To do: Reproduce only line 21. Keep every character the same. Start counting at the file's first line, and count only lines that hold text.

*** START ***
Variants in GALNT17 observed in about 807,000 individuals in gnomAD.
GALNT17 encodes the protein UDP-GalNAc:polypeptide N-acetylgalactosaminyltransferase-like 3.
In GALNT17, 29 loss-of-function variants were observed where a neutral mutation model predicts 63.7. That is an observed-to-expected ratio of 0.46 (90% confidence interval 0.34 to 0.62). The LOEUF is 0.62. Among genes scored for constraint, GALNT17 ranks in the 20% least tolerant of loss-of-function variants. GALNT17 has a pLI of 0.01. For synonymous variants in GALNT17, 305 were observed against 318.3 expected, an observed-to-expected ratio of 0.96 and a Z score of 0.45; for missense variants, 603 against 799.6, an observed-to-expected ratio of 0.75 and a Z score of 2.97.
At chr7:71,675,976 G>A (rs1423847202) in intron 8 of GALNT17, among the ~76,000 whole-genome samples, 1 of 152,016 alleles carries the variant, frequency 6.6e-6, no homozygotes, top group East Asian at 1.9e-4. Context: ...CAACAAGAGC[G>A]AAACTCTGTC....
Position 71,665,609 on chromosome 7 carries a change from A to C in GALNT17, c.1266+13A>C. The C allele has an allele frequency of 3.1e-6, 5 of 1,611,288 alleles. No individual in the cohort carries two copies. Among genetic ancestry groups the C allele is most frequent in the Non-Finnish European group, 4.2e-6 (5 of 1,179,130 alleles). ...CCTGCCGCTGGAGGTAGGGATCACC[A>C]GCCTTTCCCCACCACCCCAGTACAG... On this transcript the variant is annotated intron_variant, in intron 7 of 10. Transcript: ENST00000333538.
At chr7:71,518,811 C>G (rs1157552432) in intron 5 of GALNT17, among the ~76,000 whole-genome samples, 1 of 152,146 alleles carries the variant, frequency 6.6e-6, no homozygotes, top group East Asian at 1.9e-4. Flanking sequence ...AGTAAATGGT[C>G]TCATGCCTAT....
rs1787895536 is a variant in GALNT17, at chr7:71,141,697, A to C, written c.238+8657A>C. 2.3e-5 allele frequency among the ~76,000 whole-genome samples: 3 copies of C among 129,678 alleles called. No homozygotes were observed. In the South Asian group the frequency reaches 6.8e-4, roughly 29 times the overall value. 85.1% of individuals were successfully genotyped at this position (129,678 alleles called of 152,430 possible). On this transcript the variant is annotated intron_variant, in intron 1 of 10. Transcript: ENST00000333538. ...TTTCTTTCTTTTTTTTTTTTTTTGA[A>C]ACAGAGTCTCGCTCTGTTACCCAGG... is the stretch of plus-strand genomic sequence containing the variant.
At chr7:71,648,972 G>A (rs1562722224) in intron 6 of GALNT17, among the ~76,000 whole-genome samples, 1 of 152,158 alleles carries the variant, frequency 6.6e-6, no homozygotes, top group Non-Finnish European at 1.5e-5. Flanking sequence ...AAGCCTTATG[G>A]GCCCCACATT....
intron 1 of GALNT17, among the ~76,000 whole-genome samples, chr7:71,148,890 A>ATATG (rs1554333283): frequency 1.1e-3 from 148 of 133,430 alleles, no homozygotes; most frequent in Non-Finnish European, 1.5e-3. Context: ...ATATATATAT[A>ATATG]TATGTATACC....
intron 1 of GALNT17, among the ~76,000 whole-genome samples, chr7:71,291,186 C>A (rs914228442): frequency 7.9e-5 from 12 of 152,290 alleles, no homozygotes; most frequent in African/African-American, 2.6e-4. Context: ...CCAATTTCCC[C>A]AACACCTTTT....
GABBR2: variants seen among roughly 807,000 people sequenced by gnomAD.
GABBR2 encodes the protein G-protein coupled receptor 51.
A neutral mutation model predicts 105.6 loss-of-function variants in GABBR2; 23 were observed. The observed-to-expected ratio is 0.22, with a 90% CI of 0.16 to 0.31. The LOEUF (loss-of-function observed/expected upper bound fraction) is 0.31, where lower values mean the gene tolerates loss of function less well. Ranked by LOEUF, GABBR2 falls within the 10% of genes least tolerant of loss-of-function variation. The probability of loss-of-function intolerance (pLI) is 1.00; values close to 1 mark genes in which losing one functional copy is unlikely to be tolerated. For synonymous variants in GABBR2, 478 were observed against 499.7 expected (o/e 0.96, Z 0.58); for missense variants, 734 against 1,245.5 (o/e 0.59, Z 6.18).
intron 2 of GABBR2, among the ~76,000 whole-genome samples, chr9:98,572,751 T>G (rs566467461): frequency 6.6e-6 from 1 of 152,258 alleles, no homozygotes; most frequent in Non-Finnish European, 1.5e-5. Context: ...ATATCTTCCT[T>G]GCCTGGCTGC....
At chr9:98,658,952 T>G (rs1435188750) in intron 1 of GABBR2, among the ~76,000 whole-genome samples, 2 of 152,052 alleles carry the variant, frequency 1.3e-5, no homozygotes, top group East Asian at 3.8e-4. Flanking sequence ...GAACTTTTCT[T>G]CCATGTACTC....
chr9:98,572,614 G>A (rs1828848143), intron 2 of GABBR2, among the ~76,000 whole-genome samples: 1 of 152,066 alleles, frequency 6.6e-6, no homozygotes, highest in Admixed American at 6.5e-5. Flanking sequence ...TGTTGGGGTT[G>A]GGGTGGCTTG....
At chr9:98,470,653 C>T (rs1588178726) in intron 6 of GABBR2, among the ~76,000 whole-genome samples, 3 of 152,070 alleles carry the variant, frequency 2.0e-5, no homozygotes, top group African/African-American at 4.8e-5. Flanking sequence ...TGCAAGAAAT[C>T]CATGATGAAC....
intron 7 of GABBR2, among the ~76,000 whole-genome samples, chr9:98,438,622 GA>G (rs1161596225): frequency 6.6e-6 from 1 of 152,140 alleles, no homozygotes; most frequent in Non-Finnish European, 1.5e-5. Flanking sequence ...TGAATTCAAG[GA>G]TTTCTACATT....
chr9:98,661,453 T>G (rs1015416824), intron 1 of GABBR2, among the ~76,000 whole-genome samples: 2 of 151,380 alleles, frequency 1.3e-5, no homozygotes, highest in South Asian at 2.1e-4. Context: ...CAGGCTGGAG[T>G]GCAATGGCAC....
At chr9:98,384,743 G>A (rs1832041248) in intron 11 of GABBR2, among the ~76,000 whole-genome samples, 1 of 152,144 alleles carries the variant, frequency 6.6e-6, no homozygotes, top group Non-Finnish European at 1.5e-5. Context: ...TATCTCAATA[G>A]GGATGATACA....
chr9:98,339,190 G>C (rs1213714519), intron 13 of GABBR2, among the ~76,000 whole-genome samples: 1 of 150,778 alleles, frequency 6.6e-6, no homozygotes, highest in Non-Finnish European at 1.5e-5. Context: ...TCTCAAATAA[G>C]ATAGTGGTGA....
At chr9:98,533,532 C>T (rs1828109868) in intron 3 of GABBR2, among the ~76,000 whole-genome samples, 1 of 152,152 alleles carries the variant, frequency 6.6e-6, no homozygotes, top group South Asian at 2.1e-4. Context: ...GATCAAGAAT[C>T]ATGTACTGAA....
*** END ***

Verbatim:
chr9:98,339,190 G>C (rs1213714519), intron 13 of GABBR2, among the ~76,000 whole-genome samples: 1 of 150,778 alleles, frequency 6.6e-6, no homozygotes, highest in Non-Finnish European at 1.5e-5. Context: ...TCTCAAATAA[G>C]ATAGTGGTGA....